An Seascann Mór The Big Marsh

Sheskinmore refers to a large area of mostly State owned land that is managed for nature conservation. Sheskinmore Lough and the marsh west of it contain an interesting range of marsh loving plants and animals. To the south and west of the marsh there is some sandy grassland known as machair, which rises into extensive undulating sand dunes at Maghermore (The Big Sandy Plain). In the shallow depressions between the high dunes there are permanent and temporay dune pool. The Carrickalghagh headland and drier northern slopes at Mullyvea consist of a dense carpet of coastal heath. There is also oak and hazel woodland on the northern slopes which adds to the diverse range of habitats and species found in the area.Greenland White Fronted Geese Flying


This area is designated as a Special Protection Area (SPA) for the small flock of Greenland White-Fronted Geese that winter here. Lack of disturbance as well as suitable habitat is why these geese choose to return here each year. Wintering Waders include Curlew, Lapwing, Snipe and Golden Plover. Whooper Swans, Wigeon, Teal and Mallard are other winter visitors.

Flocks of small birds in winter usually contain Linnet, Reed Bunting and sometimes Twite. Chough are year round visitors, there are flocks in winter and family groups in summer. A brief glimpse of a Merlin or a leisurely view of a Buzzard is not uncommon.

The distinctive calls and acrobatic flight of Lapwing can be heard over the marsh in spring and summer. Lapwing breed in the vicinity of the Lough. The electric predator proof fence deters fox and mink during the Lapwing breeding season.


Rabbit, Badger and Fox are the most common mammals encountered here. The rabbit population fluctuates widely and they can cause significant damage to the sand dunes. Common Seals can be seen along Ballinreavy Strand and Otter frequent the two loughs. Woodland visitors include Red Squirrel and Pine Marten.

The protected tiny marsh snail Vertigo geyeri is found in the marsh habitat west of Sheskinmore Lough.

The rare Marsh Fritillary, Small Blue and Dingy Skipper butterflies breed here along with 17 other butterfly species. Sheskinmore Lough and its associated wetlands is the most species rich site in Donegal for Dragonflies and damselflies. Fifteen species have been recorded, the most interesting being the Black-tailed Skimmer and the Scarce Blue-tailed Damselfly.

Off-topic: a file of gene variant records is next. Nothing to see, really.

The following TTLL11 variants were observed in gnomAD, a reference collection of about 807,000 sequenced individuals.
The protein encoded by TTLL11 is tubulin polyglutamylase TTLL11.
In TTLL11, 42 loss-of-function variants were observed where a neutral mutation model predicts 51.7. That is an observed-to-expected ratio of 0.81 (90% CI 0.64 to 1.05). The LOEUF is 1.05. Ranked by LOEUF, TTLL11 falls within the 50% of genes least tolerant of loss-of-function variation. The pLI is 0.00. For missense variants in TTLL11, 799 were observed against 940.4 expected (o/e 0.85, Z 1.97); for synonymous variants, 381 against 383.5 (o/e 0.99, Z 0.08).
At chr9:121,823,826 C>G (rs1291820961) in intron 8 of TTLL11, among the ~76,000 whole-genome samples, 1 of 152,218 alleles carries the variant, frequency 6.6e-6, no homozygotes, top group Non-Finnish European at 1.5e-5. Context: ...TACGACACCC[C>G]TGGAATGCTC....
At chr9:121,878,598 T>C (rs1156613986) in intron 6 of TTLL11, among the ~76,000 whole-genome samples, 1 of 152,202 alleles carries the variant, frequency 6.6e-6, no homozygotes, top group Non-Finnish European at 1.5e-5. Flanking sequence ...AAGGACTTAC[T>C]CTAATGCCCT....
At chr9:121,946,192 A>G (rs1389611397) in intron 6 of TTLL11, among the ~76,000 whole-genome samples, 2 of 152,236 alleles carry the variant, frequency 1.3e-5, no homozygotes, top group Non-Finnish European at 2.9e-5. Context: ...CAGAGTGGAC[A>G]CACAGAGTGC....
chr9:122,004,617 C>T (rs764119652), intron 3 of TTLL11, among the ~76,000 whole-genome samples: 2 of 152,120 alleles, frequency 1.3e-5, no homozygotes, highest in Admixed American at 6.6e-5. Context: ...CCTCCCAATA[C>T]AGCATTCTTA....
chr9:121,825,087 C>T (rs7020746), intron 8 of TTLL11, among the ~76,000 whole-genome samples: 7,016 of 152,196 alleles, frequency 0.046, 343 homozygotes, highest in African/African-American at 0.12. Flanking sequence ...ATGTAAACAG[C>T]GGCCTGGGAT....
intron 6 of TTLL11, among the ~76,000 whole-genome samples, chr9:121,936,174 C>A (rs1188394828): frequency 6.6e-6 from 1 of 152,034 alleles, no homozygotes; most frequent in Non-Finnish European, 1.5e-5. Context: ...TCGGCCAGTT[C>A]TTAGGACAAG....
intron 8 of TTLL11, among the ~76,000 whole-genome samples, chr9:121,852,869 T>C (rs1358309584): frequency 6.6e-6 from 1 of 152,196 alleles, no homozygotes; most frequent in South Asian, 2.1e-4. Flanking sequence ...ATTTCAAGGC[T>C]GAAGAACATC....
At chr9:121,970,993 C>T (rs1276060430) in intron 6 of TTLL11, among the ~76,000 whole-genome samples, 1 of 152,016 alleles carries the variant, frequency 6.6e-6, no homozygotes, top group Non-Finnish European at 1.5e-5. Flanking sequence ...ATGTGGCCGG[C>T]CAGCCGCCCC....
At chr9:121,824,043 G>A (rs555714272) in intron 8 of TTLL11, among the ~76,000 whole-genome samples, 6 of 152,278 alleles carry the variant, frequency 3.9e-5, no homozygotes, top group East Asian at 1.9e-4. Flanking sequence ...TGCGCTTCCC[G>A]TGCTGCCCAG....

There is a succession of wildflowers throughout the summer months. The display of Orchids is particularly eye-catching. Dense-flowered Orchid Neotinea maculate is in flower from April to June. In the early summer there is a profusion of marsh and spotted orchids. They are followed by Marsh Hellebroine, Pyramidal and Fragrant Orchids. June is a good time to look for Bee, Frog and Butterfly Orchids.

Grass of Parnassas and Devils Bit Scabious are two of the many wildflowers that put on a spectacular show at Sheskimore. The latter is the food plant of the marsh fritillary butterfly. The more difficult to find plants, because of their diminutive size and rarity, are the protected Petalwort and the aquatic Slender Naiad.


Most of Sheskinmore (300 hectares) is owned and managed by the National Parks and Wildlife Service (NPWS). BirdWatch Ireland (BWI) owns 15 hectares on the north side of the lough. In addition, there is also privately owned land here which is farmed in a wildlife friendly manner.

Grazing by Horses and Cattle plays an important role in managing the floral diversity and the breeding habitats for many of these species found here.

NPWS, BirdWatch Ireland and the private landowners work in collaboration to protect and enhance the biodiversity of this protected area.

Access and Safety

There are three signed access points. As well as the main entrance gate at Mullyvea, there are two other key access areas. They are both found on the east side at Sandfield. One is at the end of the L7763 and the other is at the end of L7743 (from the NPWS Field Studies Centre).

Walkers should be cautious of grazing animals at all times.

Dogs should be kept on a leash and well away from stock.

Some areas are surrounded by electric fencing. Visitors are advised to take care in the vicinity of these fences and to completely avoid crossing them.

Some of the land within the site is privately owned and summer grazed. Care is required to close gates, not to damage fences or walls and to use the stiles provided.

This is an expansive area. Appropriate outdoor clothing, equipment and provisions are recommended for your visit.

In the event of accidents and/or emergencies call 112 and ask for Gardaí, Mountain Rescue or the Fire Service

Further information is available at reserves. The Friends of Sheskinmore website. and

Contact and Further Information

For comments or suggestions please contact the NPWS offices on (076)1002517.